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A Chair, A Fireplace & a Tea Cozy
Inside A Chair, A Fireplace & a Tea Cozy

Flashback May 2005

A flashback to my reviews from May 2005! My second month of book blogging, so be kind.

Soul Surfer by Bethany Hamilton. My review: “Bethany is unique not in that she lost her arm; Bethany is unique in that she knew from a young age what it was that made her happy, and she has parents who were willing to support her. The message of this book is simple: do not let anything come between you and what you love doing.”

Bound by Donna Jo Napoli. My review: “This is a unique take on the Cinderella story, and not just because of the setting. Xing Xing’s feet may not be bound, but her life is: bound by obligations to ancestors, family members, society. She must find a way to create a life and future for herself. Bound is about choice and acceptance.”

The Girl Who Owned A City by O.T. Nelson. My review: “What I remember about it, and why I loved it, and why I continue to love the world is ending/ nine tenths of the world is dead what now fiction: the struggle for survival; the violence; the ingenuity; the making do, figuring out, discovering how to do things (make fire, for instance) for the first time. The starting over. So I reread this book, of 10 year old Lisa and baby brother Todd, hoping to revisit the love…. and came away with a sort of sick to the stomach I-used-to-date-him-what-the-hell-was-I-thinking reaction. I’m sure that kids still love it. But as an adult, I couldn’t help but question a lot that I accepted as a child. . . . And Lisa, the strong girl I admired, is a mini control freak a hair away from utter dictatorship.”

Light Years by Tammar Stein. My review: “[Israeli born] Maya is an outsider at university, and it is interesting to see her perspective on America and Americans. Flashbacks reveal Maya’s life in Israel, which is fascinating; the Palestinian-Israel conflict, which is treated in a surprisingly even handed fashion; and Maya’s relationship with [her boyfriend] Dov. At the same time, as Maya dwells on the past, her future keeps happening, and we find out about her life in the United States and the people she meets.”

City Underground by Suzanne Martel. My review: “Luke is the boy living in an underground city; and wow, as a kid reading it, I loved this future city. Pills for food; go into a shower and it would be programmed at the temperature you wanted; it was all so organized and well run and functional. Luke explores and goes outside the city, where me meets Marie. And as the stumper says: Luke’s people have no hair (genetically, its been decided there is no need for hair). Luke and his scientist ancestors had fled nuclear war; Marie and her village are descendants of the people left behind, who survived. Who, of course, have hair. So much time has passed that both groups of people initially believe that the others are only a myth. . . .  What appealed to me as a child — the structure of Luke’s world — was now a turn off. I saw now — but didn’t see then — the problems with Luke’s city. Problems that the author clearly meant to be there: lack of free will, lack of artistic expression, lack of choice. While I didn’t pick up on all the drawbacks of the city underground, I did realize that Luke was right in seeking life outside the city and exploring and finding Marie’s world.”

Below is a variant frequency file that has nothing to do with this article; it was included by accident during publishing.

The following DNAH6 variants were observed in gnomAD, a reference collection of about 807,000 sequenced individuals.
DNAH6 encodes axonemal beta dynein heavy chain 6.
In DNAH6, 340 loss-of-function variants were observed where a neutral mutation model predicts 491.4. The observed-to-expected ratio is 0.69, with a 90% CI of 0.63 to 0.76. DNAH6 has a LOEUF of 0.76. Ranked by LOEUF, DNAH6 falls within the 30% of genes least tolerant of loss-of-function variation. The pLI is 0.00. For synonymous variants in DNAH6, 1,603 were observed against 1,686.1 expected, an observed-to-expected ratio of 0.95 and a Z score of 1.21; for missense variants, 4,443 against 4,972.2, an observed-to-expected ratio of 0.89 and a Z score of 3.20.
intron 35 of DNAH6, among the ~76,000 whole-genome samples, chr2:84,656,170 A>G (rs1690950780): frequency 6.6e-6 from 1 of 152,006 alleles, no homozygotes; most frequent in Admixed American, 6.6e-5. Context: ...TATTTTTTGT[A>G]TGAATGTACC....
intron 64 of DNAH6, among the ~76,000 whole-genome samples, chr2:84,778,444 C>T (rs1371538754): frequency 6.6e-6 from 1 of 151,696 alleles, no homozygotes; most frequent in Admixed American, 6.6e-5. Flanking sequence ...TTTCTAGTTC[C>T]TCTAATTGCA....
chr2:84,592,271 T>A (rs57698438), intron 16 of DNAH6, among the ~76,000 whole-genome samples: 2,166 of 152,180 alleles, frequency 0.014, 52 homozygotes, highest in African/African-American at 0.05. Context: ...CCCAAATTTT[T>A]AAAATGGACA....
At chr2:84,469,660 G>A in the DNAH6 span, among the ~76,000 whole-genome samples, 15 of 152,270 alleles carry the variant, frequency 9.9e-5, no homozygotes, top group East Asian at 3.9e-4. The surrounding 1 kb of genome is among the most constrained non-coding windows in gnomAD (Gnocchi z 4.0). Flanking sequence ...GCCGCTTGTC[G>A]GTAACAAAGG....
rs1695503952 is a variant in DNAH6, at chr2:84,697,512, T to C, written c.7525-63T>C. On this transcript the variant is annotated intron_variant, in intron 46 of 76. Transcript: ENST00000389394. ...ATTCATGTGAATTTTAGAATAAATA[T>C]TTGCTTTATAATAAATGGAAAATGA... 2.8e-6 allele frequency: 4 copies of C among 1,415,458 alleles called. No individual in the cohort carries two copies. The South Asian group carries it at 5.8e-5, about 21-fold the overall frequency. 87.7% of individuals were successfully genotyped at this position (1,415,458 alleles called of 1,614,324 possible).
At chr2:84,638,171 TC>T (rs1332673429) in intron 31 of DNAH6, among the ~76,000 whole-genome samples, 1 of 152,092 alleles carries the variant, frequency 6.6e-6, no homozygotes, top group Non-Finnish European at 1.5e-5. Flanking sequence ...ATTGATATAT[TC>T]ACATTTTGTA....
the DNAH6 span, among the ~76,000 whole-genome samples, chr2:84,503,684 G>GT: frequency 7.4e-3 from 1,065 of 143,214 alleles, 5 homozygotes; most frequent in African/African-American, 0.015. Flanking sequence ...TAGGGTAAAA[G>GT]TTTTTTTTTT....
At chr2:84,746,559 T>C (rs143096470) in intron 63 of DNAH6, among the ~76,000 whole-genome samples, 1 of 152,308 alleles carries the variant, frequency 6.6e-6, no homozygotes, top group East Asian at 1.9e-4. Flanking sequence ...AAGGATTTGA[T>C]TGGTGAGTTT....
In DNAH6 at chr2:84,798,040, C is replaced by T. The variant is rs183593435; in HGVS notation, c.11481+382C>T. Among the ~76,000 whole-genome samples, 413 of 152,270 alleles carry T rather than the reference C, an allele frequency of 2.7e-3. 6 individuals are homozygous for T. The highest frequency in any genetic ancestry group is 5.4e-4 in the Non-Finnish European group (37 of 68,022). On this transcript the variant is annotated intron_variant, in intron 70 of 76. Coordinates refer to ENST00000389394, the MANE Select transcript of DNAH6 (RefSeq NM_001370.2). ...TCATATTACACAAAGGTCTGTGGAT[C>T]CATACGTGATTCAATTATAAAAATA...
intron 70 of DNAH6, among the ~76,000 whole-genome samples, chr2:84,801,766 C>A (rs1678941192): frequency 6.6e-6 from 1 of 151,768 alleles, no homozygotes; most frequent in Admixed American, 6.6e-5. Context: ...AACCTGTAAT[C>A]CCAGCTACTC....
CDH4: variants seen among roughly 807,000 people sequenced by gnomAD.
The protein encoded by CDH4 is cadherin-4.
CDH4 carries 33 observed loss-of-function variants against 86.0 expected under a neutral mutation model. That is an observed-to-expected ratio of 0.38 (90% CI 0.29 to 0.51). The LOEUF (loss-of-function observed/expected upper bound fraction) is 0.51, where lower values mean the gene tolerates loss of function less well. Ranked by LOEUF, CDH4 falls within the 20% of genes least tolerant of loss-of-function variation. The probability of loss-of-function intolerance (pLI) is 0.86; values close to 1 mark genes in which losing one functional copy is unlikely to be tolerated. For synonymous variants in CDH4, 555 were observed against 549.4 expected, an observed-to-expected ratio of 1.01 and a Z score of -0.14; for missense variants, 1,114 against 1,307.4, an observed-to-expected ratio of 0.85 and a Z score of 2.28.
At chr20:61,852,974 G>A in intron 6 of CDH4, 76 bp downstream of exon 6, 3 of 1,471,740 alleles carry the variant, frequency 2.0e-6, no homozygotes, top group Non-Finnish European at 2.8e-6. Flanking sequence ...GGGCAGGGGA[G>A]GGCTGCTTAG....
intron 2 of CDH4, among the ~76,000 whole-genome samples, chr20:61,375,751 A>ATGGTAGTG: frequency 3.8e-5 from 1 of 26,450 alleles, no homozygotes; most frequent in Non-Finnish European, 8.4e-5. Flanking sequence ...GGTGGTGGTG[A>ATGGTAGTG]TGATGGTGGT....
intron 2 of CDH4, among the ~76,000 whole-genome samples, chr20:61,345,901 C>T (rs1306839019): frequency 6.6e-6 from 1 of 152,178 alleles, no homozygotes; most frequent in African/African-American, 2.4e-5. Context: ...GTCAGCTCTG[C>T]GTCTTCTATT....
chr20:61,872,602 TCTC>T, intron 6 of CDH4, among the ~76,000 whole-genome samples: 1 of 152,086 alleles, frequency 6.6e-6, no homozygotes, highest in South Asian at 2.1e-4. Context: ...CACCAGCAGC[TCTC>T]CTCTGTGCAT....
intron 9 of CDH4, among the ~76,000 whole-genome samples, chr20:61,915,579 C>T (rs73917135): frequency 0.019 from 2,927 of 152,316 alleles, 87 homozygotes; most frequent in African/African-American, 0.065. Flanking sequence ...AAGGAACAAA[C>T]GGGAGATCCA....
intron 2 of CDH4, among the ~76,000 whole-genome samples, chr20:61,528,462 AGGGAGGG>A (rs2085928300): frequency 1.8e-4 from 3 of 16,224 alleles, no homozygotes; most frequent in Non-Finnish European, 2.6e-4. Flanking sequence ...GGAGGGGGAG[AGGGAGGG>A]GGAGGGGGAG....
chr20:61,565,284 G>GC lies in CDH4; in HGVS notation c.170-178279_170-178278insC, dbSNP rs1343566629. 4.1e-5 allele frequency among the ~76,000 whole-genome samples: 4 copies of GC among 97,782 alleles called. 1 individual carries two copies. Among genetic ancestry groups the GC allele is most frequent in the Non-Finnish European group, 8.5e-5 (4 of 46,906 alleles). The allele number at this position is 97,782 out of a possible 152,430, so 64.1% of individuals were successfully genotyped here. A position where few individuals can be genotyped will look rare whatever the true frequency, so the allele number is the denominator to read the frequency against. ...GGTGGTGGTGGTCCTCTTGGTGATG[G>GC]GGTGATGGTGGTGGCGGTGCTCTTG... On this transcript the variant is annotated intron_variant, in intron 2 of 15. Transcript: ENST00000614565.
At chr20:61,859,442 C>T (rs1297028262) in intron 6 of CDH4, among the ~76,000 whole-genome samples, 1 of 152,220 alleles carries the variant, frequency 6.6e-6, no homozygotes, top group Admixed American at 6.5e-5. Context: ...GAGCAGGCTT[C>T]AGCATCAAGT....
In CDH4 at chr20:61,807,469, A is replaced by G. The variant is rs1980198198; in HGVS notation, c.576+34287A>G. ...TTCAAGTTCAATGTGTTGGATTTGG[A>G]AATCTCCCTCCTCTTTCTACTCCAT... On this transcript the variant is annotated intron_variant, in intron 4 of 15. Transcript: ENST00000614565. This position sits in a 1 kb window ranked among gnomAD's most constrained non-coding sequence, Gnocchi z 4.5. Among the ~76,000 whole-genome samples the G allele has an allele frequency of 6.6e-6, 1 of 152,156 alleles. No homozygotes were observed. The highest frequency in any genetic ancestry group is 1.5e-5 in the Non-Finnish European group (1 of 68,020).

Vegan Virgin Valentine by Carolyn Mackler. My review:this is a great, funny, book about a normal teen. If it seems like every teen book you’ve picked up has murder/ drugs/ death/ cutting etc., this is a refreshing change. A book doesn’t need the drama to be good; or, rather, drama can come from the every day things found in every teens life: friends, school, family.”

The Dark is Rising by Susan Cooper. My review: “Five children (Simon; Jane; Barney; Will; Bran) battle “the Dark.” The sixth person mentioned is Merriman Lyon, great-uncle to Simon, Jane and Barney. Will is an “Old One,” a group of people born to keep the Dark at bay. But, as with Buffy, the Vampire Slayer, the fight is not only for those who are born with special powers and abilities; it is also for those who are human. This is fantasy set in the real world; the fantasy elements come from extensive use and reference to Welsh, Cornish and other Celtic mythology and Arthurian legend. While knowledge of the myth and legend adds to a reading of TDIR, it is not necessary; as a matter of fact, my introduction to elements of both is from this series. So if you like adventure; mythical retelling; danger; history; and friendship, this is a series for you. . . . The risks are real. The dangers are real. This isn’t a phony adventure. And while some are born to the fight, like Will, others — like the Drew children — can join in the fight, also. Choice is important, whether one is or is not mortal, is or is not an Old One. While there is prophecy, there is still choice.”

You may have noticed that back in 2005, I had not yet settled into a review structure. These last two reviews are evolving into the format I use now.

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About Elizabeth Burns

Looking for a place to talk about young adult books? Pull up a chair, have a cup of tea, and let's chat. I am a New Jersey librarian. My opinions do not reflect those of my employer, SLJ, YALSA, or anyone else. On Twitter I'm @LizB; my email is lizzy.burns@gmail.com.

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